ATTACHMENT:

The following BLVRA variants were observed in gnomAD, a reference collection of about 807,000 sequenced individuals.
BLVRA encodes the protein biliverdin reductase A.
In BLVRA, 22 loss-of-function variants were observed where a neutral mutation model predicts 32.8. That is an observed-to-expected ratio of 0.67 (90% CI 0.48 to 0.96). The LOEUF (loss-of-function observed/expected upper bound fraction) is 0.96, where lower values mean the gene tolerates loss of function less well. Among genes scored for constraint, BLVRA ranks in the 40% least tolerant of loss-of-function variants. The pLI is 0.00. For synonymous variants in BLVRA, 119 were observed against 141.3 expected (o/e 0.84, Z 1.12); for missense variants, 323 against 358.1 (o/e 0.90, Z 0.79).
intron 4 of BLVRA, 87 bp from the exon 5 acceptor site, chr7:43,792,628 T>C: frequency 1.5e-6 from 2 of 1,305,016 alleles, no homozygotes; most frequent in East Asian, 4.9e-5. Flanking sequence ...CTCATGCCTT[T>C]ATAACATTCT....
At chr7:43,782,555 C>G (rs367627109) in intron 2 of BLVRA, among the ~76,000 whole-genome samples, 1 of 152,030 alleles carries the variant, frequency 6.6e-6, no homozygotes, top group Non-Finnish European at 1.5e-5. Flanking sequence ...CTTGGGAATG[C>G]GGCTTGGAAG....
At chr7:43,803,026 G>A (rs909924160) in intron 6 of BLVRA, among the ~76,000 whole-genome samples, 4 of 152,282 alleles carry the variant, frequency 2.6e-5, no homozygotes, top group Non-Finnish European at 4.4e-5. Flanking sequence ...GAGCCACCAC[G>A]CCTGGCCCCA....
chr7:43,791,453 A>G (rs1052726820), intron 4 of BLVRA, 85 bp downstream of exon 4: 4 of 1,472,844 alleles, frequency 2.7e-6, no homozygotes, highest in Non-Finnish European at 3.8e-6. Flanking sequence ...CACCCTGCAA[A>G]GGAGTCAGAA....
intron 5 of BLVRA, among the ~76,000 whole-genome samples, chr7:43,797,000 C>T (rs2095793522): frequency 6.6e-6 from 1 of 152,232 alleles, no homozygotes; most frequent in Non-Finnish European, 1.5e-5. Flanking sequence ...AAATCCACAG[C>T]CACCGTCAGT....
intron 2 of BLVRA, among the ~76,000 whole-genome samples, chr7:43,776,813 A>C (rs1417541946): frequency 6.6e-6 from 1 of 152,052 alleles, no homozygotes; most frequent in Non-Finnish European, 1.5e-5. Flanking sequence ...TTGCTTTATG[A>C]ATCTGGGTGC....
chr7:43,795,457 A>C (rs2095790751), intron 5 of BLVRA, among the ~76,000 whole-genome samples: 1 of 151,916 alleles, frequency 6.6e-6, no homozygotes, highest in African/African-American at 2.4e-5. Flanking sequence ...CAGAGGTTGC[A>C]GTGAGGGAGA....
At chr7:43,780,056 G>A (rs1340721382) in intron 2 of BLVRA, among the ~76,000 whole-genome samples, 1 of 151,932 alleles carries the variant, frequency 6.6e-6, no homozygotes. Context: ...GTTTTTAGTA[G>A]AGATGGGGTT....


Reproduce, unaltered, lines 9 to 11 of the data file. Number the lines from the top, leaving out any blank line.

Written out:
intron 2 of BLVRA, among the ~76,000 whole-genome samples, chr7:43,776,813 A>C (rs1417541946): frequency 6.6e-6 from 1 of 152,052 alleles, no homozygotes; most frequent in Non-Finnish European, 1.5e-5. Flanking sequence ...TTGCTTTATG[A>C]ATCTGGGTGC....
chr7:43,795,457 A>C (rs2095790751), intron 5 of BLVRA, among the ~76,000 whole-genome samples: 1 of 151,916 alleles, frequency 6.6e-6, no homozygotes, highest in African/African-American at 2.4e-5. Flanking sequence ...CAGAGGTTGC[A>C]GTGAGGGAGA....
At chr7:43,780,056 G>A (rs1340721382) in intron 2 of BLVRA, among the ~76,000 whole-genome samples, 1 of 151,932 alleles carries the variant, frequency 6.6e-6, no homozygotes. Context: ...GTTTTTAGTA[G>A]AGATGGGGTT....